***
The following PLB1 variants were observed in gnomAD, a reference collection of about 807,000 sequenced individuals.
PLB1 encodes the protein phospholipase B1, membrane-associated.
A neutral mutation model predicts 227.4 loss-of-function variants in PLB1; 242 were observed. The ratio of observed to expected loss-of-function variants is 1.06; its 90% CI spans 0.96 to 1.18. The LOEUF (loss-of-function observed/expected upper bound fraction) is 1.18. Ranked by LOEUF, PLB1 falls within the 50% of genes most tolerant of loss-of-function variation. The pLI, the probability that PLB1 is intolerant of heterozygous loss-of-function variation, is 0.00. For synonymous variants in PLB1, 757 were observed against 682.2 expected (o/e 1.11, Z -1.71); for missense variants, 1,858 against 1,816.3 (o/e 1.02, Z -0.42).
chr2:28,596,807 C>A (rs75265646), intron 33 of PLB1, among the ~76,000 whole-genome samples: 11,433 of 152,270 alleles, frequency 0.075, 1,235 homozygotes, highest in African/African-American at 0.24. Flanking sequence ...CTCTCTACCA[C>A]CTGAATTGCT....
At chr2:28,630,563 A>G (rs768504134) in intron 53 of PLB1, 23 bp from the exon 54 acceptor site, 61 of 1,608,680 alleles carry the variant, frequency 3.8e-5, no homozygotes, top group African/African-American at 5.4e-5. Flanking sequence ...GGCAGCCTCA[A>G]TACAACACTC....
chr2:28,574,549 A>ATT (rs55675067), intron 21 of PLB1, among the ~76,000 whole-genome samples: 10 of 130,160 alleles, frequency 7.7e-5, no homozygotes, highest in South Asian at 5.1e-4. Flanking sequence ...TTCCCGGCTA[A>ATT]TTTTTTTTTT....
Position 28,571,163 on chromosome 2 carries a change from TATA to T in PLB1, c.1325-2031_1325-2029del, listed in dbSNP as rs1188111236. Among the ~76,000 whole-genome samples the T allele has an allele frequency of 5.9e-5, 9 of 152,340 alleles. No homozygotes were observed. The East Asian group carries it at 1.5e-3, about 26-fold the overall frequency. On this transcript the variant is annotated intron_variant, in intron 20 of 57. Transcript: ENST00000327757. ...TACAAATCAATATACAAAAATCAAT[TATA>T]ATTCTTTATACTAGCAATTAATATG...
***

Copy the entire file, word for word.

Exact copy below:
The following PLB1 variants were observed in gnomAD, a reference collection of about 807,000 sequenced individuals.
PLB1 encodes the protein phospholipase B1, membrane-associated.
A neutral mutation model predicts 227.4 loss-of-function variants in PLB1; 242 were observed. The ratio of observed to expected loss-of-function variants is 1.06; its 90% CI spans 0.96 to 1.18. The LOEUF (loss-of-function observed/expected upper bound fraction) is 1.18. Ranked by LOEUF, PLB1 falls within the 50% of genes most tolerant of loss-of-function variation. The pLI, the probability that PLB1 is intolerant of heterozygous loss-of-function variation, is 0.00. For synonymous variants in PLB1, 757 were observed against 682.2 expected (o/e 1.11, Z -1.71); for missense variants, 1,858 against 1,816.3 (o/e 1.02, Z -0.42).
chr2:28,596,807 C>A (rs75265646), intron 33 of PLB1, among the ~76,000 whole-genome samples: 11,433 of 152,270 alleles, frequency 0.075, 1,235 homozygotes, highest in African/African-American at 0.24. Flanking sequence ...CTCTCTACCA[C>A]CTGAATTGCT....
At chr2:28,630,563 A>G (rs768504134) in intron 53 of PLB1, 23 bp from the exon 54 acceptor site, 61 of 1,608,680 alleles carry the variant, frequency 3.8e-5, no homozygotes, top group African/African-American at 5.4e-5. Flanking sequence ...GGCAGCCTCA[A>G]TACAACACTC....
chr2:28,574,549 A>ATT (rs55675067), intron 21 of PLB1, among the ~76,000 whole-genome samples: 10 of 130,160 alleles, frequency 7.7e-5, no homozygotes, highest in South Asian at 5.1e-4. Flanking sequence ...TTCCCGGCTA[A>ATT]TTTTTTTTTT....
Position 28,571,163 on chromosome 2 carries a change from TATA to T in PLB1, c.1325-2031_1325-2029del, listed in dbSNP as rs1188111236. Among the ~76,000 whole-genome samples the T allele has an allele frequency of 5.9e-5, 9 of 152,340 alleles. No homozygotes were observed. The East Asian group carries it at 1.5e-3, about 26-fold the overall frequency. On this transcript the variant is annotated intron_variant, in intron 20 of 57. Transcript: ENST00000327757. ...TACAAATCAATATACAAAAATCAAT[TATA>T]ATTCTTTATACTAGCAATTAATATG...